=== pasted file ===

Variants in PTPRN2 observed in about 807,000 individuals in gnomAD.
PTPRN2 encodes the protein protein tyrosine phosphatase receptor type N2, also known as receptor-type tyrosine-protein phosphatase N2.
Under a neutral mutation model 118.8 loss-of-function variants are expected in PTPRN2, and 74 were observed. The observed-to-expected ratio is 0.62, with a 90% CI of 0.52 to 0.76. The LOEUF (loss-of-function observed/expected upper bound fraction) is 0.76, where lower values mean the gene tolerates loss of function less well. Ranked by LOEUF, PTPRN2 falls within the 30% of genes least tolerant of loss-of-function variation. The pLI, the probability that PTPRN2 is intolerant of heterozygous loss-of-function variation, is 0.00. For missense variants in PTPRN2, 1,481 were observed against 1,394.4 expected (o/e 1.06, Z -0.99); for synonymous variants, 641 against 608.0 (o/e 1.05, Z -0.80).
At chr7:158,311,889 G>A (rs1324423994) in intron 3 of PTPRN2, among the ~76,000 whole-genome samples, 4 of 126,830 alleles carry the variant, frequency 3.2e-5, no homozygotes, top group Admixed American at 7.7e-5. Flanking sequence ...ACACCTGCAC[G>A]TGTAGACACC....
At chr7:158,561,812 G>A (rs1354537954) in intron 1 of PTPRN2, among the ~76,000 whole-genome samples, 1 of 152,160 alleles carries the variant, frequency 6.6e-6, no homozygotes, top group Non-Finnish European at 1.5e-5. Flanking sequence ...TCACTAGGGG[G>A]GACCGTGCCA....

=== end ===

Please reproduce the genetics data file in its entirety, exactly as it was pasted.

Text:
Variants in PTPRN2 observed in about 807,000 individuals in gnomAD.
PTPRN2 encodes the protein protein tyrosine phosphatase receptor type N2, also known as receptor-type tyrosine-protein phosphatase N2.
Under a neutral mutation model 118.8 loss-of-function variants are expected in PTPRN2, and 74 were observed. The observed-to-expected ratio is 0.62, with a 90% CI of 0.52 to 0.76. The LOEUF (loss-of-function observed/expected upper bound fraction) is 0.76, where lower values mean the gene tolerates loss of function less well. Ranked by LOEUF, PTPRN2 falls within the 30% of genes least tolerant of loss-of-function variation. The pLI, the probability that PTPRN2 is intolerant of heterozygous loss-of-function variation, is 0.00. For missense variants in PTPRN2, 1,481 were observed against 1,394.4 expected (o/e 1.06, Z -0.99); for synonymous variants, 641 against 608.0 (o/e 1.05, Z -0.80).
At chr7:158,311,889 G>A (rs1324423994) in intron 3 of PTPRN2, among the ~76,000 whole-genome samples, 4 of 126,830 alleles carry the variant, frequency 3.2e-5, no homozygotes, top group Admixed American at 7.7e-5. Flanking sequence ...ACACCTGCAC[G>A]TGTAGACACC....
At chr7:158,561,812 G>A (rs1354537954) in intron 1 of PTPRN2, among the ~76,000 whole-genome samples, 1 of 152,160 alleles carries the variant, frequency 6.6e-6, no homozygotes, top group Non-Finnish European at 1.5e-5. Flanking sequence ...TCACTAGGGG[G>A]GACCGTGCCA....